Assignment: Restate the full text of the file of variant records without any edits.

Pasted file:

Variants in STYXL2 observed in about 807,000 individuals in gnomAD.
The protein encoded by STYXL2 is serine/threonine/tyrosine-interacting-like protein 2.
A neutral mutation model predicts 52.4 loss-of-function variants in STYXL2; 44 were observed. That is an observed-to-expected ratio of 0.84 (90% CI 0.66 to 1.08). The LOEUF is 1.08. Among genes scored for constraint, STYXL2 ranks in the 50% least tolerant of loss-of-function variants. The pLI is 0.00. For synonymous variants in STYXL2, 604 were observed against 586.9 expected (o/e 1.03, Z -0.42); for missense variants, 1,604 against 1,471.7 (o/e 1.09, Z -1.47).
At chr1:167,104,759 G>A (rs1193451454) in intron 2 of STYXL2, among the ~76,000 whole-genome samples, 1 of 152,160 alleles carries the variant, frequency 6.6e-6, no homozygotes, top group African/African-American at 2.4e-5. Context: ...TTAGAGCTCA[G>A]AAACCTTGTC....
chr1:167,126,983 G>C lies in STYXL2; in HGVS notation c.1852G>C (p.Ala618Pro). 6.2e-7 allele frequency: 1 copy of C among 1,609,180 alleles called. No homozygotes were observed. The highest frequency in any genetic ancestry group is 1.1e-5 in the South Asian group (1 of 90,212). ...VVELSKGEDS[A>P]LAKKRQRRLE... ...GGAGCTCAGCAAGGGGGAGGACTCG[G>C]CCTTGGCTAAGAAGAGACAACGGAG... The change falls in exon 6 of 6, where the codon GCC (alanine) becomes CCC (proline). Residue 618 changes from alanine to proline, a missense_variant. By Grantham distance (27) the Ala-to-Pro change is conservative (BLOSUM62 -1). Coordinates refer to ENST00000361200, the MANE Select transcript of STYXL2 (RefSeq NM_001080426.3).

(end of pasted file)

Variants in STYXL2 observed in about 807,000 individuals in gnomAD.
The protein encoded by STYXL2 is serine/threonine/tyrosine-interacting-like protein 2.
A neutral mutation model predicts 52.4 loss-of-function variants in STYXL2; 44 were observed. That is an observed-to-expected ratio of 0.84 (90% CI 0.66 to 1.08). The LOEUF is 1.08. Among genes scored for constraint, STYXL2 ranks in the 50% least tolerant of loss-of-function variants. The pLI is 0.00. For synonymous variants in STYXL2, 604 were observed against 586.9 expected (o/e 1.03, Z -0.42); for missense variants, 1,604 against 1,471.7 (o/e 1.09, Z -1.47).
At chr1:167,104,759 G>A (rs1193451454) in intron 2 of STYXL2, among the ~76,000 whole-genome samples, 1 of 152,160 alleles carries the variant, frequency 6.6e-6, no homozygotes, top group African/African-American at 2.4e-5. Context: ...TTAGAGCTCA[G>A]AAACCTTGTC....
chr1:167,126,983 G>C lies in STYXL2; in HGVS notation c.1852G>C (p.Ala618Pro). 6.2e-7 allele frequency: 1 copy of C among 1,609,180 alleles called. No homozygotes were observed. The highest frequency in any genetic ancestry group is 1.1e-5 in the South Asian group (1 of 90,212). ...VVELSKGEDS[A>P]LAKKRQRRLE... ...GGAGCTCAGCAAGGGGGAGGACTCG[G>C]CCTTGGCTAAGAAGAGACAACGGAG... The change falls in exon 6 of 6, where the codon GCC (alanine) becomes CCC (proline). Residue 618 changes from alanine to proline, a missense_variant. By Grantham distance (27) the Ala-to-Pro change is conservative (BLOSUM62 -1). Coordinates refer to ENST00000361200, the MANE Select transcript of STYXL2 (RefSeq NM_001080426.3).